April 9, 2007
Campus neighbors invited to enjoy Community Day celebration this Sunday
By Michael Peña
The university will come together on Sunday, April 15, for Community Day, an all-day open house when neighbors are invited onto campus to enjoy a wide array of free, family-oriented activitiesfrom Stanford athletes kicking the ball around with kids to an art festival featuring live music and food to faculty lectures in the classroom.
The festivities kick off at 10 a.m., with many activities happening around the Main Quad. Buses also will be available to take visitors to the Cantor Arts Center, the Red Barn and Jasper Ridge Biological Preserve, which will offer guided tours. This will be the university's fifth Community Day, and it will feature many new attractions as well as some traditional ones.
All are welcome to attend University Public Worship at 10 a.m. in Memorial Church, where the Rev. Scotty McLennandean of the Office for Religious Lifewill lead a multifaith service. The Founders' Celebration, which honors the Stanford family with a procession from Serra Mall at the Oval to the Mausoleum, follows with a wreath-laying ceremony and student speeches. The procession begins at 11 a.m.
Joining Community Day this year is the Student Organizing Committee for the Arts, which annually puts on "An Art Affair." The extravaganza once again will be held in White Plaza and feature more than 100 performances on three stages and some 350 pieces of visual art. Taking center stage this year will be master taiko drummer Kenny Endo, who will perform at 3:30 p.m., courtesy of Stanford Lively Arts.
Preceding the free community concert, a drum line will depart from the Oval at 2:30 p.m., wind through campus and end at White Plaza.
Visitors also will be able to choose from among a few activities occurring simultaneously. For example, at 2 p.m. in Memorial Auditorium, the Aurora Forum will commemorate the 40th anniversary of Dr. Martin Luther King's speech "The Other America"delivered at Stanford on April 14, 1967with a film screening of that address and a dialogue with the audience afterward.
Meanwhile, over at the Arrillaga Alumni Center, a panel discussion featuring a cross-section of members from the Stanford and Palo Alto communities is scheduled for 2 p.m. Titled "Palo Alto and Stanford: Climate Change in Our Backyard," the panelists will discuss ways to team up on environmental issues such as traffic, energy efficiency and sustainability.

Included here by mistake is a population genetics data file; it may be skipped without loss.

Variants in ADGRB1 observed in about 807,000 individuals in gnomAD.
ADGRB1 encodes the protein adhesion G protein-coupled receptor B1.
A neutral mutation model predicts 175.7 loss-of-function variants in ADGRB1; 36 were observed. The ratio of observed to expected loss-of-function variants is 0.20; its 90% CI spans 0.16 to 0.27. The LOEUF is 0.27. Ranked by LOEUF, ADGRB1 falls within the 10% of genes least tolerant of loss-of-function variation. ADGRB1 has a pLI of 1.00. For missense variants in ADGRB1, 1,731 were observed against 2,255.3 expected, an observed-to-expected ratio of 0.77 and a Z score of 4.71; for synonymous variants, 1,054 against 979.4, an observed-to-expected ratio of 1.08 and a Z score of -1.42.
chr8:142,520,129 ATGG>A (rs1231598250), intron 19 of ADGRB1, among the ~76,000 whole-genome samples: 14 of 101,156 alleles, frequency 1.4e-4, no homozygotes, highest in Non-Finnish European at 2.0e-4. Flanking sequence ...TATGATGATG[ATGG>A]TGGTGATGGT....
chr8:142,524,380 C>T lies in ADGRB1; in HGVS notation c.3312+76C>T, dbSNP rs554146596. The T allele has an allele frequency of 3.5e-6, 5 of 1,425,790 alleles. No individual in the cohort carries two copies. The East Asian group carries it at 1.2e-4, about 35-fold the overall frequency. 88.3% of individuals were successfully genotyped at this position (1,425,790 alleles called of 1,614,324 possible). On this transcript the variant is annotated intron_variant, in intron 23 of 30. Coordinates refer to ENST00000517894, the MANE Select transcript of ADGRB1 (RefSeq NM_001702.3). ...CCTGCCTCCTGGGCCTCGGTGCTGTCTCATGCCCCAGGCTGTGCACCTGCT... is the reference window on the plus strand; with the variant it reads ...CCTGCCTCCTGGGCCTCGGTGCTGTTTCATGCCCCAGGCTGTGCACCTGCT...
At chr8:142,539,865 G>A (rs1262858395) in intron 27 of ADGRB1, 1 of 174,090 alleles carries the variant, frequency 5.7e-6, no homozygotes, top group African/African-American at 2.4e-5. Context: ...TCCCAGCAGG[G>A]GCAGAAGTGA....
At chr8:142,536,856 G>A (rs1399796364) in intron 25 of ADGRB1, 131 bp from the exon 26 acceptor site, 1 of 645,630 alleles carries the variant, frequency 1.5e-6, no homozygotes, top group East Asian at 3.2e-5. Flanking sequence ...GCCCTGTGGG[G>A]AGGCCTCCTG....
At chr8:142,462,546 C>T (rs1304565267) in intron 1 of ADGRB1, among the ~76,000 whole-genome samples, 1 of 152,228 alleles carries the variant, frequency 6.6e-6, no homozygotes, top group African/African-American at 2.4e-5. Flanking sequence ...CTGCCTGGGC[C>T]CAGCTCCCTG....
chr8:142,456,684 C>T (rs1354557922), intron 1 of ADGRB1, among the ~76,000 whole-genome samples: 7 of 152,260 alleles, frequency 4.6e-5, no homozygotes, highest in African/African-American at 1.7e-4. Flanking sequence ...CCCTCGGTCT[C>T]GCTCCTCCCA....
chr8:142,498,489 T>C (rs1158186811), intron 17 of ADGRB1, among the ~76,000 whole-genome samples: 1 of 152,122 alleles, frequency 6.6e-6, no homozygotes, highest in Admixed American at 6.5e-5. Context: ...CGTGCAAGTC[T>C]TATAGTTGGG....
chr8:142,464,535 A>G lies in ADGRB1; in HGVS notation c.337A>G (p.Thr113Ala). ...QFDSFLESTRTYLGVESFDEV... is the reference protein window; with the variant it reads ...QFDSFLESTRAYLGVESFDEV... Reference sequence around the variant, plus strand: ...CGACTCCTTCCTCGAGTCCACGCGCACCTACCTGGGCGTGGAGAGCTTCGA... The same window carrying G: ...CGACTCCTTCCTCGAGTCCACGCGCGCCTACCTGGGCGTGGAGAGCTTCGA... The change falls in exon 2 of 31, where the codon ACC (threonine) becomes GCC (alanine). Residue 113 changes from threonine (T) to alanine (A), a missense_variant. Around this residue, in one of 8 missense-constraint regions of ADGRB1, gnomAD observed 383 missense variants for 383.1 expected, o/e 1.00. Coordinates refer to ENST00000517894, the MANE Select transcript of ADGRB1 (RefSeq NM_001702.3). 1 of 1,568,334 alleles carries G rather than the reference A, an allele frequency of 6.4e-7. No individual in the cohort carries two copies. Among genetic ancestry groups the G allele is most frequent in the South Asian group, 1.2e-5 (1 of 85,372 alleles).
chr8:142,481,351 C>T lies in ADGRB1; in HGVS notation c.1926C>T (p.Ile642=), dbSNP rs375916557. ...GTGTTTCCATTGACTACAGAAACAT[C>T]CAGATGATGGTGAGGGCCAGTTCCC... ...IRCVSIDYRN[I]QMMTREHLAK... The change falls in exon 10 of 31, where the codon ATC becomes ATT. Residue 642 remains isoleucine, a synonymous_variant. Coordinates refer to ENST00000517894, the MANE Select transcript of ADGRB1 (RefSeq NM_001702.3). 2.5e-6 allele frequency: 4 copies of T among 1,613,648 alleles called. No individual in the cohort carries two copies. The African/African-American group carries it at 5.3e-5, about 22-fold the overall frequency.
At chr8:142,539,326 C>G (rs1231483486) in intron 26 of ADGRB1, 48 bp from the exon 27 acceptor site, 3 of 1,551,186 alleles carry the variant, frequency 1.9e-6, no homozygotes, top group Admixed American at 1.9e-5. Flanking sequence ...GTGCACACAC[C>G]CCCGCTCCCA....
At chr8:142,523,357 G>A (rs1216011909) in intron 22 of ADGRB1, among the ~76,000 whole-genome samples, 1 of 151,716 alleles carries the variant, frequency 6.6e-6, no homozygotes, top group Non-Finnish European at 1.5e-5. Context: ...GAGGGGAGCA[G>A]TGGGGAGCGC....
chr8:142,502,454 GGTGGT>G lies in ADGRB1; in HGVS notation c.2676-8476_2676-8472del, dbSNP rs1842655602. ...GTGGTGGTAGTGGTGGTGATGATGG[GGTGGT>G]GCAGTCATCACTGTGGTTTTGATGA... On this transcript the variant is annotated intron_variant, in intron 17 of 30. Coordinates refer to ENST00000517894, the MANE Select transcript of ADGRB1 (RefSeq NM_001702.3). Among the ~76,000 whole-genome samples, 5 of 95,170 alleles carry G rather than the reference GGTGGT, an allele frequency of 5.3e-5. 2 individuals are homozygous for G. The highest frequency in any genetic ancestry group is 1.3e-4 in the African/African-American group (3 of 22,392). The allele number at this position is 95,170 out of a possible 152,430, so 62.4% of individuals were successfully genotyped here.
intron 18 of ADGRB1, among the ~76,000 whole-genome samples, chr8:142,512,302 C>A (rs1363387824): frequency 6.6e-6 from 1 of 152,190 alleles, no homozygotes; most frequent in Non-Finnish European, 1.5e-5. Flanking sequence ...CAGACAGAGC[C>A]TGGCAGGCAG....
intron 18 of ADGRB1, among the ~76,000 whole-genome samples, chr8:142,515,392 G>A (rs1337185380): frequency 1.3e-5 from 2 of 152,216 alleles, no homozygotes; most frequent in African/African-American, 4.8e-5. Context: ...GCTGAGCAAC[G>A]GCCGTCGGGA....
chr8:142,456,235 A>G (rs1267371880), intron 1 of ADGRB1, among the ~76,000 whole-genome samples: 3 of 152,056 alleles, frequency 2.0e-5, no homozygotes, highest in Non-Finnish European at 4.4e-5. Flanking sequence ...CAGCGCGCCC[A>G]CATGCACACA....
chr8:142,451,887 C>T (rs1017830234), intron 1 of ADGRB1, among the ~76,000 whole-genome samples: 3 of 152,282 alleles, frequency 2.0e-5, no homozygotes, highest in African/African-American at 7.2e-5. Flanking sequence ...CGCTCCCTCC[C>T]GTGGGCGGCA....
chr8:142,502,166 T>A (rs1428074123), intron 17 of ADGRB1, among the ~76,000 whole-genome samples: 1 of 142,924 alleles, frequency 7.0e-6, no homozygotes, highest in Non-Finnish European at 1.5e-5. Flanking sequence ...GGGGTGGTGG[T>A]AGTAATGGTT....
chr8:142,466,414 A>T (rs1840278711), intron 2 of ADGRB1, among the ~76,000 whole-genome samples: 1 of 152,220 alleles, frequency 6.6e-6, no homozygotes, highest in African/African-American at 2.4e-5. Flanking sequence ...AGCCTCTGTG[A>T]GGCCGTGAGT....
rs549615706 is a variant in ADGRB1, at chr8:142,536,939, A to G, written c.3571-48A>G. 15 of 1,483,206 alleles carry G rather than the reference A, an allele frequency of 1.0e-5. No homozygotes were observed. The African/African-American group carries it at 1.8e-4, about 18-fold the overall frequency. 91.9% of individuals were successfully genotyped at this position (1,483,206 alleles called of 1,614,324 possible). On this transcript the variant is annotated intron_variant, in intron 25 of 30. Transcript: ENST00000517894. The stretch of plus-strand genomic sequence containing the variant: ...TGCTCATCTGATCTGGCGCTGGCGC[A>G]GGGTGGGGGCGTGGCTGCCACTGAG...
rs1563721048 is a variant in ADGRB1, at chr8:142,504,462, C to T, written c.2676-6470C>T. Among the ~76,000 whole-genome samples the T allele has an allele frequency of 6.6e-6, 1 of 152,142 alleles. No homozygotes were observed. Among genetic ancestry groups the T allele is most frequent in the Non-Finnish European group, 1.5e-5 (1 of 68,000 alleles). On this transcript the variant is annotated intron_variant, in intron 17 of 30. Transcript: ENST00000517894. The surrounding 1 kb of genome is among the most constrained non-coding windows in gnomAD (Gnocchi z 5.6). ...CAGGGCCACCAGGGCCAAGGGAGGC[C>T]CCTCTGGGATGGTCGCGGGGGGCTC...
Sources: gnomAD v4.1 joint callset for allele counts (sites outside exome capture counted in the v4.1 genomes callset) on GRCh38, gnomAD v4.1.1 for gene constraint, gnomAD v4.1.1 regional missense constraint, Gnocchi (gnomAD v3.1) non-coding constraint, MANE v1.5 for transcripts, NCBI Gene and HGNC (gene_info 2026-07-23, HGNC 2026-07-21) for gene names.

"My hope is that this day will continue to underline our commitment to working closely with our neighbors," said President John Hennessy. "It also allows us to share information about some of our wonderful community-related programsmany of which are not well known to our friends in Palo Alto, Menlo Park and the surrounding communities."
Another Community Day tradition is faculty lectures. Among this year's speakers will be Professor Richard Myers, chair of the Department of Genetics in the School of Medicine, who will discuss the sequencing of the human genome. Channing Robertson, professor of chemical engineering, will talk about new developments at Stanford in various scientific fields, such as biotechnology and robotics.
In addition, more than a dozen groups will take part in a science fair that will fill the Science and Engineering Quad. There also will be a children's area and cultural exhibits flanking the north and south sides of the Main Quad, respectively, as well as a health fair at the top of the Oval. Food and refreshments will be available for purchase from several campus cafes around the area and from outdoor stations staffed by Stanford Dining.
Community Day is made possible through the efforts of Stanford Events, the Office of Public Affairs and student and staff volunteers throughout the university. For information about parking or biking to the event, access for the disabled, as well as a full schedule, visit http://communityday.stanford.edu/. (In case of rain, the website also will have updates such as changes of venue.)
The day's activities end at 4 p.m.